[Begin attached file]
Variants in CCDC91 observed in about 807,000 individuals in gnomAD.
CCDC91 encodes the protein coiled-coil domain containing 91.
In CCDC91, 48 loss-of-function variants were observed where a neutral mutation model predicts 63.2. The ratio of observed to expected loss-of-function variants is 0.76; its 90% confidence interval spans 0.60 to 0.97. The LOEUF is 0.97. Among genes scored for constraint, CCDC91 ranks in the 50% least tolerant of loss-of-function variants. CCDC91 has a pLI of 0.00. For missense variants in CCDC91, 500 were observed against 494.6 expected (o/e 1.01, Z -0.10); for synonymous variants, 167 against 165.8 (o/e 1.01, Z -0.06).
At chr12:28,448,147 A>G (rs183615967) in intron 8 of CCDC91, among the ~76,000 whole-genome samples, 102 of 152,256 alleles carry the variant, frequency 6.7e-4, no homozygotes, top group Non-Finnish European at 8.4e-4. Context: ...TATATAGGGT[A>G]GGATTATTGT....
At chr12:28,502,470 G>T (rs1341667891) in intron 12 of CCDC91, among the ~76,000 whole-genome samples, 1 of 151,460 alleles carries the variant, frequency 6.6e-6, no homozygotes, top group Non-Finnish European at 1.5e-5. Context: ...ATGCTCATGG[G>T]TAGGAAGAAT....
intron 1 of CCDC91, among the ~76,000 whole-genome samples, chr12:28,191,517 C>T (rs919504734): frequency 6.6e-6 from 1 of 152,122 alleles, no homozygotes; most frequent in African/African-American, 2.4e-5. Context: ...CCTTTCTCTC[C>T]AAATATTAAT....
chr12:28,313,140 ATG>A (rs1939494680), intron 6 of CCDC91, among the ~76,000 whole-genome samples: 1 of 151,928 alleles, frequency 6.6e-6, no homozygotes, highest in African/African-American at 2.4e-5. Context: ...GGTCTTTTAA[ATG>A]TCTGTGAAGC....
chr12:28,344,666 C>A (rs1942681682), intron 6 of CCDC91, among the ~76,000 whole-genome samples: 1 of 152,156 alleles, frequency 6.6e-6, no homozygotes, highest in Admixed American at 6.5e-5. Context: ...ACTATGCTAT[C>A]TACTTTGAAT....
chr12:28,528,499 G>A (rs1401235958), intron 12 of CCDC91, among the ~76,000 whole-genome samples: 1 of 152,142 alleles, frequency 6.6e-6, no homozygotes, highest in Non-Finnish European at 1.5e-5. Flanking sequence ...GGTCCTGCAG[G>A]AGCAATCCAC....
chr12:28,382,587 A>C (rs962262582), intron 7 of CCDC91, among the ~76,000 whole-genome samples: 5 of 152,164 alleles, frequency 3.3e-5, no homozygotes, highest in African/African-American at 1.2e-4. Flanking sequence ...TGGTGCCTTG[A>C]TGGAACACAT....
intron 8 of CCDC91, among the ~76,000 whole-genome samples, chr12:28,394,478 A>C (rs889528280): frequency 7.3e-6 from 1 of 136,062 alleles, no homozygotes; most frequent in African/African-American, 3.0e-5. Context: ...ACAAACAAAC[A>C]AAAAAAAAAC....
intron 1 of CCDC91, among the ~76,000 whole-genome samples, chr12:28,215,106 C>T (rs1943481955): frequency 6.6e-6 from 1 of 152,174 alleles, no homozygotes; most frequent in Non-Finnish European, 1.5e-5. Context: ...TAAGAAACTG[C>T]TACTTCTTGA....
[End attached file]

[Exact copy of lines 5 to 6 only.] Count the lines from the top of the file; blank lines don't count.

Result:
At chr12:28,502,470 G>T (rs1341667891) in intron 12 of CCDC91, among the ~76,000 whole-genome samples, 1 of 151,460 alleles carries the variant, frequency 6.6e-6, no homozygotes, top group Non-Finnish European at 1.5e-5. Context: ...ATGCTCATGG[G>T]TAGGAAGAAT....
intron 1 of CCDC91, among the ~76,000 whole-genome samples, chr12:28,191,517 C>T (rs919504734): frequency 6.6e-6 from 1 of 152,122 alleles, no homozygotes; most frequent in African/African-American, 2.4e-5. Context: ...CCTTTCTCTC[C>T]AAATATTAAT....